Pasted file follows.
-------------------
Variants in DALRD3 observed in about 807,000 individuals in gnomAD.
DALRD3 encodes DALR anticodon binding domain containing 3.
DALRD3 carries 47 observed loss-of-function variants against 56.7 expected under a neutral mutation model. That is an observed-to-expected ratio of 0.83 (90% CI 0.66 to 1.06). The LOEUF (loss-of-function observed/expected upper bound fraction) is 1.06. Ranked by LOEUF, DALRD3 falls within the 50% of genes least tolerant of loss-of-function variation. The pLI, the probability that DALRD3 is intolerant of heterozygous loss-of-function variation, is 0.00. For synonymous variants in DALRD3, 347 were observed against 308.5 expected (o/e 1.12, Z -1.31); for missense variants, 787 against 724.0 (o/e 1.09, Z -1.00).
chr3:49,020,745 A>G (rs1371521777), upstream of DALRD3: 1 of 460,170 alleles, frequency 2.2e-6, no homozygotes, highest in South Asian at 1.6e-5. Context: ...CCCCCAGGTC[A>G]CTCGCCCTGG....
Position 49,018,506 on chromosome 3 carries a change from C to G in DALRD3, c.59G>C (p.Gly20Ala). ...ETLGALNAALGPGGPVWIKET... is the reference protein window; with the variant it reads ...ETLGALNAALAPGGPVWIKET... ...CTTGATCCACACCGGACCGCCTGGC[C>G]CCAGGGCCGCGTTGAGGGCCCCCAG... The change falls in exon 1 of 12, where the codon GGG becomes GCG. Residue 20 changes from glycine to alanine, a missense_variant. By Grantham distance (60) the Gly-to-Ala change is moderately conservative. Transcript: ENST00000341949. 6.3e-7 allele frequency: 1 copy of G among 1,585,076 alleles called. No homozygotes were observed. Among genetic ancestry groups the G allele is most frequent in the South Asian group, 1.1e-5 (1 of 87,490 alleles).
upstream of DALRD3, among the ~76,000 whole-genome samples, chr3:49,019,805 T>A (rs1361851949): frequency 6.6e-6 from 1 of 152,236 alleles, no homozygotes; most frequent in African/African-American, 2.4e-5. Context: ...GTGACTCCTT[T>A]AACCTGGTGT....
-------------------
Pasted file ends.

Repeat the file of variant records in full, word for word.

Variants in DALRD3 observed in about 807,000 individuals in gnomAD.
DALRD3 encodes DALR anticodon binding domain containing 3.
DALRD3 carries 47 observed loss-of-function variants against 56.7 expected under a neutral mutation model. That is an observed-to-expected ratio of 0.83 (90% CI 0.66 to 1.06). The LOEUF (loss-of-function observed/expected upper bound fraction) is 1.06. Ranked by LOEUF, DALRD3 falls within the 50% of genes least tolerant of loss-of-function variation. The pLI, the probability that DALRD3 is intolerant of heterozygous loss-of-function variation, is 0.00. For synonymous variants in DALRD3, 347 were observed against 308.5 expected (o/e 1.12, Z -1.31); for missense variants, 787 against 724.0 (o/e 1.09, Z -1.00).
chr3:49,020,745 A>G (rs1371521777), upstream of DALRD3: 1 of 460,170 alleles, frequency 2.2e-6, no homozygotes, highest in South Asian at 1.6e-5. Context: ...CCCCCAGGTC[A>G]CTCGCCCTGG....
Position 49,018,506 on chromosome 3 carries a change from C to G in DALRD3, c.59G>C (p.Gly20Ala). ...ETLGALNAALGPGGPVWIKET... is the reference protein window; with the variant it reads ...ETLGALNAALAPGGPVWIKET... ...CTTGATCCACACCGGACCGCCTGGC[C>G]CCAGGGCCGCGTTGAGGGCCCCCAG... The change falls in exon 1 of 12, where the codon GGG becomes GCG. Residue 20 changes from glycine to alanine, a missense_variant. By Grantham distance (60) the Gly-to-Ala change is moderately conservative. Transcript: ENST00000341949. 6.3e-7 allele frequency: 1 copy of G among 1,585,076 alleles called. No homozygotes were observed. Among genetic ancestry groups the G allele is most frequent in the South Asian group, 1.1e-5 (1 of 87,490 alleles).
upstream of DALRD3, among the ~76,000 whole-genome samples, chr3:49,019,805 T>A (rs1361851949): frequency 6.6e-6 from 1 of 152,236 alleles, no homozygotes; most frequent in African/African-American, 2.4e-5. Context: ...GTGACTCCTT[T>A]AACCTGGTGT....